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Publisher's Summary

In an unforgettable new novel from award-winning authors Jason Reynolds and Brendan Kiely, two teens - one black, one white - grapple with the repercussions of a single violent act that leaves their school, their community, and ultimately the country bitterly divided by racial tension.

A bag of chips. That's all 16-year-old Rashad is looking for at the corner bodega. What he finds instead is a fist-happy cop, Paul Galluzzo, who mistakes Rashad for a shoplifter, mistakes Rashad's pleadings that he's stolen nothing for belligerence, mistakes Rashad's resistance to leave the bodega as resisting arrest, mistakes Rashad's every flinch at every punch the cop throws as further resistance and refusal to STAY STILL as ordered. But how can you stay still when someone is pounding your face into the concrete pavement?

But there were witnesses: Quinn Collins - a varsity basketball player and Rashad's classmate who has been raised by Paul since his own father died in Afghanistan - and a video camera. Soon the beating is all over the news, and Paul is getting threatened with accusations of prejudice and racial brutality. Quinn refuses to believe that the man who has basically been his savior could possibly be guilty. But then Rashad is absent. And absent again. And again. And the basketball team - half of whom are Rashad's best friends - start to take sides. As does the school. And the town. Simmering tensions threaten to explode as Rashad and Quinn are forced to face decisions and consequences they had never considered before.

Written in tandem by two award-winning authors, this tour de force shares the alternating perspectives of Rashad and Quinn as the complications from that single violent moment, the type taken from the headlines, unfold and reverberate to highlight an unwelcome truth.

©2015 Jason Reynolds and Brendan Kiely (P)2015 Simon & Schuster

What listeners say about All American Boys

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  • Overall
    5 out of 5 stars
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    5 out of 5 stars

Thought provoking

This was an excellent book. It reminded me of of The Hate You Give in that we, white people, have no clue about what a young black man fears every day when a cop is in sight. We will never have to give the “black boy speech” to our sons telling them exactly what to do to not be beaten or killed when a cop stops you. In this book we see a glimpse of what a cop, black or white, goes through when making quick decisions and how easily a black cop can racially profile a black kid as easily as a white cop. That made me think. I have no idea what a police officer goes through every day and the decisions they make and the huge amount of pressure they face to keep us safe. There Are bad cops as there are bad people. I think it is fear most of the time as the book points out. Good book for YA and older. Should be read in every high school.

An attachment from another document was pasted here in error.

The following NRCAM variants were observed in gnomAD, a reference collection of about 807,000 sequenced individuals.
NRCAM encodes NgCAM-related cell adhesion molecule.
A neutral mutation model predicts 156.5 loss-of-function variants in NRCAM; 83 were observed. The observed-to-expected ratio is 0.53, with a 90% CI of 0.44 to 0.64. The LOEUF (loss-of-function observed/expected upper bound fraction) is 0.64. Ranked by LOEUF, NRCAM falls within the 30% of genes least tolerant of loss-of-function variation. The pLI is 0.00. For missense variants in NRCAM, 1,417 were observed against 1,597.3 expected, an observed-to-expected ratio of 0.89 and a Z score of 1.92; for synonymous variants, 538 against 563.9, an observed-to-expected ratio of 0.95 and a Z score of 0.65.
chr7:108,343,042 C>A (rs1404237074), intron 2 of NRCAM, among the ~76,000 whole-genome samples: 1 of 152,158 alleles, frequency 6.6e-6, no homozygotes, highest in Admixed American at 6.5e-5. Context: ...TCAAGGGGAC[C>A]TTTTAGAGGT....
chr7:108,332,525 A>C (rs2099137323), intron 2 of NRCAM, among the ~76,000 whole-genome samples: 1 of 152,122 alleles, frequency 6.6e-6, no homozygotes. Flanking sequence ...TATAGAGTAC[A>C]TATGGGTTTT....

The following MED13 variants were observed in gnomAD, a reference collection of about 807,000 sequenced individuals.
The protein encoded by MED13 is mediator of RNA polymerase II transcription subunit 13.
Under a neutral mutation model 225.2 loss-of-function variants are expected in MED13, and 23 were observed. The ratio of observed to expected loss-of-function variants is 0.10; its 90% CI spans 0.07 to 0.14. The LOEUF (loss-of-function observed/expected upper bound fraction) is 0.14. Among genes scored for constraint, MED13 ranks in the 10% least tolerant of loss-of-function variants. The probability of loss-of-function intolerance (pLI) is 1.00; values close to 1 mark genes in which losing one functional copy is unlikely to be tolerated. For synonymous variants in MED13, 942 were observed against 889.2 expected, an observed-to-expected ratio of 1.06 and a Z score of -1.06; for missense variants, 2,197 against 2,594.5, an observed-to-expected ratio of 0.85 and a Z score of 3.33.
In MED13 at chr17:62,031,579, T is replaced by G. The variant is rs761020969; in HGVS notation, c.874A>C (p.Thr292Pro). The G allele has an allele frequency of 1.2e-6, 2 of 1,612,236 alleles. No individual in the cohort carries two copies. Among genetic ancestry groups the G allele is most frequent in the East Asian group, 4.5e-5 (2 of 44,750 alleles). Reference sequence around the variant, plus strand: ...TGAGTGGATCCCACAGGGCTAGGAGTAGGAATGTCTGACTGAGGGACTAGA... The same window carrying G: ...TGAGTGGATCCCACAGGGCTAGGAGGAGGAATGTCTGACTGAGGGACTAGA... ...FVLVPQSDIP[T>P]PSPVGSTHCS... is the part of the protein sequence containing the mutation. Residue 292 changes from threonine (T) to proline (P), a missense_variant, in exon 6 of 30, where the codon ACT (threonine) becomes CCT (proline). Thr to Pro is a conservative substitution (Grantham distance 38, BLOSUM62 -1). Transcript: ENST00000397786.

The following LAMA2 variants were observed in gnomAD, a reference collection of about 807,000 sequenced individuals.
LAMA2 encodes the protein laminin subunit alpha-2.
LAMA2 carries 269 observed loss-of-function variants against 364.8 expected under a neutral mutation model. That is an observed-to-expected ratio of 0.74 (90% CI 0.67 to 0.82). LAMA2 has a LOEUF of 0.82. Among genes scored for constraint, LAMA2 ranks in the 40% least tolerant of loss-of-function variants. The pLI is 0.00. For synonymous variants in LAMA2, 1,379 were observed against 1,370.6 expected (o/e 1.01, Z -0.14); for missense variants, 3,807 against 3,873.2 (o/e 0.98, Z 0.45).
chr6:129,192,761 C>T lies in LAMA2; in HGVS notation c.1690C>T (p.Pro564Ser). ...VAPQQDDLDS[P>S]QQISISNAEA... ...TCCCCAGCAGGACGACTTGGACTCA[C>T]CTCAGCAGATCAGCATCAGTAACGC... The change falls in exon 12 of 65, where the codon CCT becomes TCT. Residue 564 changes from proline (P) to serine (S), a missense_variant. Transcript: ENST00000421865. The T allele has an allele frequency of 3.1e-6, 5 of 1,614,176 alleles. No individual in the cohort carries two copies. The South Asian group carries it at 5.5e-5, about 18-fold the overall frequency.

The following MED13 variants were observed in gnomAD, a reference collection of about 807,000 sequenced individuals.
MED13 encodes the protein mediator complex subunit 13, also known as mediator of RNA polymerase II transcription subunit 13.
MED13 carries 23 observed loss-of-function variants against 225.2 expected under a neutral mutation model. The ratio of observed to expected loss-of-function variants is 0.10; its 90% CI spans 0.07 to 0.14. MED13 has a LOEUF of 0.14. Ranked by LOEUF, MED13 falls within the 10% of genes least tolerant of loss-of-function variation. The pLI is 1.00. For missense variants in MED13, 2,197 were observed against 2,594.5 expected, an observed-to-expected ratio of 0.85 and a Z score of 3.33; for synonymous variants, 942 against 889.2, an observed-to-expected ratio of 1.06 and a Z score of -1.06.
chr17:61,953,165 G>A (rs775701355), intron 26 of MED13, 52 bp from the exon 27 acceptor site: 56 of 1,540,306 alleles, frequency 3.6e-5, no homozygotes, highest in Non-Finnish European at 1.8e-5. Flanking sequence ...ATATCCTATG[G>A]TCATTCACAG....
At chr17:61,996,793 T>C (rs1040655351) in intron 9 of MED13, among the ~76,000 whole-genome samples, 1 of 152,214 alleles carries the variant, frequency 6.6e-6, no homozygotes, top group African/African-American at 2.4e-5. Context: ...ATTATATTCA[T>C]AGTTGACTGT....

11 people found this helpful

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Required Reading

This should be required reading for all high school students and staff in the US. Facilitated discussions which are open and honest about racism, loyalty, and humanness, among other topics, should be required of all staff and students.

20 people found this helpful

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It was a unforgettable story and experience.

I loved the story of two perspectives and to come together and knowing this happens in the real world and is still happening is very amazing to hear a book about modern day and race

6 people found this helpful

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Beautiful, gripping, important

Everyone should read this book. So important. It made me cry...and laugh out loud. This performance is incredible too. Highly recommend.

4 people found this helpful

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good

It was a nice compelling story but it needs more depth to it more explanation into some of the characters and situations

8 people found this helpful

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  • 06-12-20

awesome

loved it! I plan to use it with my 7rh grade students in the fall.

1 person found this helpful

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Movie

This was a great book, I think it would make a great movie. Great audio as well

1 person found this helpful

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Realist Characters

The aspect I really enjoyed the most was the way the characters were written. Everything Rashad said felt like it could be heard from the mouth of a teenage boy. And if the characters were voiced by only one actor I feel I still would've been able to tell the characters apart. apart from their circumstances Rashad and Quinn handled the situation differently, whether it be because of the people in their lives or their ability to walk away from the situation. The book felt like it was well researched when it came to statistics and how people use media to try and make a positive change. I admired both characters' journeys into realising the importance of their actions following the event and how it could effect others.

1 person found this helpful

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Meh

Good charecters but way too didactic. Instead of tackling the human emotions that it captures well, it makes forced political statements. It tries to be complex, but often fails.

1 person found this helpful

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A must read for high schoolers and up!

This book couldn’t be more relevant and necessary. Masterfully told and would be a great anchor for a social justice unit for high schoolers. Love the dual narrative format and love anything Jason Reynolds is a part of!